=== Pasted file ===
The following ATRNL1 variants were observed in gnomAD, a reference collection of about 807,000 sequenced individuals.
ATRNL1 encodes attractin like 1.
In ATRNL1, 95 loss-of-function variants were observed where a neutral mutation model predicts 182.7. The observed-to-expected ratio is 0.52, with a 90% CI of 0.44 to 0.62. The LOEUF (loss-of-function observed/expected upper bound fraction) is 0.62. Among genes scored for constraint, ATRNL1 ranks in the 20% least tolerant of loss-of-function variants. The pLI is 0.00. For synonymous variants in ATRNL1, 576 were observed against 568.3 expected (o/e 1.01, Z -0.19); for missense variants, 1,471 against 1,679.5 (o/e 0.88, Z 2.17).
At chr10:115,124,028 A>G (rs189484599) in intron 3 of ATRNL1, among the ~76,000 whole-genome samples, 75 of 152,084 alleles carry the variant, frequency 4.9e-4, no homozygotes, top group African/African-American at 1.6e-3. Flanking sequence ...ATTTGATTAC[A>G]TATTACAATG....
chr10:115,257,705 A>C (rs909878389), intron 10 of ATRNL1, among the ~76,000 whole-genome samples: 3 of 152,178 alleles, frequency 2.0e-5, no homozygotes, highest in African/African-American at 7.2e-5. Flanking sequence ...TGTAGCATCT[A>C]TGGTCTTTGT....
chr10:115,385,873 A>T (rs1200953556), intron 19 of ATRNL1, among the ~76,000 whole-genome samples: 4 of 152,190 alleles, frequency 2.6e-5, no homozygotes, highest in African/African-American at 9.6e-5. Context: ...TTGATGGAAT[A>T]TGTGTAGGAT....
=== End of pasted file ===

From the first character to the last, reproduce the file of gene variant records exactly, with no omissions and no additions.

The following ATRNL1 variants were observed in gnomAD, a reference collection of about 807,000 sequenced individuals.
ATRNL1 encodes attractin like 1.
In ATRNL1, 95 loss-of-function variants were observed where a neutral mutation model predicts 182.7. The observed-to-expected ratio is 0.52, with a 90% CI of 0.44 to 0.62. The LOEUF (loss-of-function observed/expected upper bound fraction) is 0.62. Among genes scored for constraint, ATRNL1 ranks in the 20% least tolerant of loss-of-function variants. The pLI is 0.00. For synonymous variants in ATRNL1, 576 were observed against 568.3 expected (o/e 1.01, Z -0.19); for missense variants, 1,471 against 1,679.5 (o/e 0.88, Z 2.17).
At chr10:115,124,028 A>G (rs189484599) in intron 3 of ATRNL1, among the ~76,000 whole-genome samples, 75 of 152,084 alleles carry the variant, frequency 4.9e-4, no homozygotes, top group African/African-American at 1.6e-3. Flanking sequence ...ATTTGATTAC[A>G]TATTACAATG....
chr10:115,257,705 A>C (rs909878389), intron 10 of ATRNL1, among the ~76,000 whole-genome samples: 3 of 152,178 alleles, frequency 2.0e-5, no homozygotes, highest in African/African-American at 7.2e-5. Flanking sequence ...TGTAGCATCT[A>C]TGGTCTTTGT....
chr10:115,385,873 A>T (rs1200953556), intron 19 of ATRNL1, among the ~76,000 whole-genome samples: 4 of 152,190 alleles, frequency 2.6e-5, no homozygotes, highest in African/African-American at 9.6e-5. Context: ...TTGATGGAAT[A>T]TGTGTAGGAT....